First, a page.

Ian and his now family of seven, moved back to Toronto in 1968 to teach at York University. In his early years at York, he taught at the then-new Atkinson College which provided education on a part-time basis for mature students, allowing working people and stay-at-home-moms to get degrees. Some were women attending against the wishes of their husbands or families to strive for an education. Ian was a tremendous support to them. He was a gifted, beloved teacher and mentor, much sought-after as a professor and a dissertation supervisor. He retired in 1993.
As well as publishing academic works, Ian was a life long and wonderful poet. His idea of retirement was to publish 5 volumes of poetry, the last of which, his Collected Works, was aptly completed in the last year of his life. He also wrote hymns, sermons, homilies and elegies as a vital part of his beloved Holy Trinity (Anglican) congregation. He was a devoted member of the Refugee committee at church and was part of the homeless memorial every year.
Ian is predeceased by his sister Merle, and sons Aaron and Ivor (Amrita). He is survived by his wife Fran, brother Ivor (Ruth), son Christopher (Tia, Jennifer), and daughters Bronwen (Ginny) and Caoran, grandchildren Eli (Ania), Orlando, Nalini (Laz), Phydime (Camila), Imogen, Fletcher and Avery, and great-grandchildren, Anastasia, Charlotte and Paloma. Ian also leaves behind many grieving nieces and nephews, his goddaughter Sarah, and numerous other loving friends and relatives.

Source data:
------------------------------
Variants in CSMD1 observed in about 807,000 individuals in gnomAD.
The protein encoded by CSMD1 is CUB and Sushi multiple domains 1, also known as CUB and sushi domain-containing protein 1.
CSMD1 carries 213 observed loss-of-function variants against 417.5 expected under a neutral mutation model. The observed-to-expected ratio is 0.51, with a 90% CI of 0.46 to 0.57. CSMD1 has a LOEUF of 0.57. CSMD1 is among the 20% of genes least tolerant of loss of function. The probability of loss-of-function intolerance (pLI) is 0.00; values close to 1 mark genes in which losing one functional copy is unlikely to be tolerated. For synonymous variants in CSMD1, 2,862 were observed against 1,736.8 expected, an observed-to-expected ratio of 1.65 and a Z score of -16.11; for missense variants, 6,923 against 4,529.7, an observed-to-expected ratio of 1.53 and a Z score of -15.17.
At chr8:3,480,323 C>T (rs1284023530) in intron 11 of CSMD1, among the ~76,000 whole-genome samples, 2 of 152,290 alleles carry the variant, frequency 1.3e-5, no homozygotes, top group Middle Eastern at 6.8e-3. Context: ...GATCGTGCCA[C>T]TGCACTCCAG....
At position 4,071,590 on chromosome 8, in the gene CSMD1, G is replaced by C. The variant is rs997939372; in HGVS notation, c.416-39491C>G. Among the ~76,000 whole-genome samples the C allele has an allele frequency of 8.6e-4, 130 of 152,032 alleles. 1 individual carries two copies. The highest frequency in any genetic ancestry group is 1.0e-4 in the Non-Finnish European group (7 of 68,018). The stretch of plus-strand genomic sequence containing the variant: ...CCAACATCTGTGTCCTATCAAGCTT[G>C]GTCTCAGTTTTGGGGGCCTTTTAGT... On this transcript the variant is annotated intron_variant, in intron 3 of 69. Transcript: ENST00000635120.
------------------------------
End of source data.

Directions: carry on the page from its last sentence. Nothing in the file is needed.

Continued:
He was a unique and luminous soul whose gentle and just presence uplifted a multitude of others. Grateful thanks to the compassionate staff at TGH. For a more detailed description of Ian’s life, and to join the Celebration of Life on Zoom on Feb 20,2021 at 2 pm EST, please go to https://holytrinity.to/2021/01/iansowton/ where you can donate to The Refugee Committee if you so choose.
A place to share memories and messages to the family. To add your message please fill in the form below. Messages will not appear automatically. Your email address will not appear. There are more remembrances and reflections here on our website.
Nous gardons dans notre coeur le grand sourire de Ian à chacune de nos visites à HTC . C’était comme retrouver un ami de toujours que l’on aurait quitté la veille . Il était humain et bon . Ian c’était une personne qui vous persuadait que Jésus est présent dans l’Eglise . Nous sommes tristes de ne plus jamais le revoir ici-bas, mais consolés car Ian a rejoint la maison du Seigneur .
— Helene Beaumont et Jérôme De Tienday De Robert De Lafrégeyre